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  |  July 20, 2012   |  Comments

Will new mobile games that involve play by both the parent and child help to reduce the negative consequences of young children playing solo?

There is no denying that mobile gaming is hot! These days, mobile games generate billions of dollars in revenue and can be played on a variety of devices, making them easily accessible to players of all ages. Lately, mobile games have become extremely popular with young children, and while game developers have created a large number of apps designed specifically for that demographic, there is a significant lack of apps that actually promote quality playtime between parents and their children. And even though they are targeted at children, the majority of the apps that have been developed thus far are single-player or online-community-based games, removing parents from the equation altogether.

Because the majority of the mobile games available on the market today are single-player or online-community-based, parents aren't actually involved in the setup or exploration, and usually are forced to turn their own mobile devices over to their children. These types of games have ultimately denied parents the opportunity to play alongside their children and have in turn removed them from an integral part of their children's upbringing - exploration and play. Therefore, new mobile games that provide an experience for both the parent and child have the potential for great success. Interactive parent and child apps would allow families to spend more time together, while enjoying the latest and greatest in mobile games.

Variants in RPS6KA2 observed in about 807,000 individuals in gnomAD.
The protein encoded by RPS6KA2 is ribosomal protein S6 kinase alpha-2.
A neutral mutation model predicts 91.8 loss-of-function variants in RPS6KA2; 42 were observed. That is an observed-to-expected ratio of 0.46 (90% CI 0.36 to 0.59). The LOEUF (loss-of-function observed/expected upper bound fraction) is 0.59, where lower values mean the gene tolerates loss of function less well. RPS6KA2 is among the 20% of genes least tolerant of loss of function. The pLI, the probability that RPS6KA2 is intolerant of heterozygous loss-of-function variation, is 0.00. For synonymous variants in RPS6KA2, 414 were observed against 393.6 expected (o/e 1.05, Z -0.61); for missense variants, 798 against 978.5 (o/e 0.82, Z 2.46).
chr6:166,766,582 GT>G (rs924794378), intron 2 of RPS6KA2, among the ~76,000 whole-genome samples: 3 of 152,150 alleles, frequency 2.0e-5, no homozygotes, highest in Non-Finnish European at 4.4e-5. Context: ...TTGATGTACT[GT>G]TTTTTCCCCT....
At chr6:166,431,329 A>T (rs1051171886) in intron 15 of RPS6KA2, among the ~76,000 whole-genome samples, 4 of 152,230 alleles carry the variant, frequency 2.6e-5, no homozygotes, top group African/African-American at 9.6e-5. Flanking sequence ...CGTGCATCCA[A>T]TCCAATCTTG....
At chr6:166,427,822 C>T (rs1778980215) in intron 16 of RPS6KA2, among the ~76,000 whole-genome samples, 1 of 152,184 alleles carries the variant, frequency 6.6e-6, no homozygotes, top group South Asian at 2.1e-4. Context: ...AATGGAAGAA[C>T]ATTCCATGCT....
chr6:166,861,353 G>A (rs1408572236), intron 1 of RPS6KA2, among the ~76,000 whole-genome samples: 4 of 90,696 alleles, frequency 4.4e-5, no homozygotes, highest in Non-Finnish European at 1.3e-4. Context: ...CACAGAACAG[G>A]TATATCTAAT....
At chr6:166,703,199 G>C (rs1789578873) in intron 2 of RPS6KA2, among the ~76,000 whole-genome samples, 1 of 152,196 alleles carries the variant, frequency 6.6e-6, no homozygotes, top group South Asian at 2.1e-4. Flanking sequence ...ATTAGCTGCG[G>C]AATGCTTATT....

The potential success of interactive parent and child mobile games is further supported by the fact that children using their parents' devices to play single-player or online-community-based games has shown to be problematic. Many parents who have allowed their children to use their smartphones and tablets have been shocked when they end up with hundreds and even thousands of dollars of in-app charges. These charges are largely due to unintended in-app purchases within mobile games, which are free to download and play, but charge a fee for a variety of extras.

Many of the mobile games that are free in app stores often prompt players to purchase features, updates, and new content for the game. With these in-app purchasing components, children can potentially spend hundreds or even thousands of dollars without realizing that they're spending real money. The financial issues that these in-app purchases have caused have actually led to a number of lawsuits and the involvement of the Federal Trade Commission (FTC).

The "Smurfs' Village" app by Capcom is a perfect example of a mobile game that compels children to make in-app purchases. Some parents saw charges of over $1,000, as a single purchase in "Smurfs' Village" can cost as much as $99. These charges have led to a successful lawsuit against Apple, as the large app purchases are actually processed through iTunes. As a result, the FTC is considering new rules and regulations, which will improve online purchasing disclosure.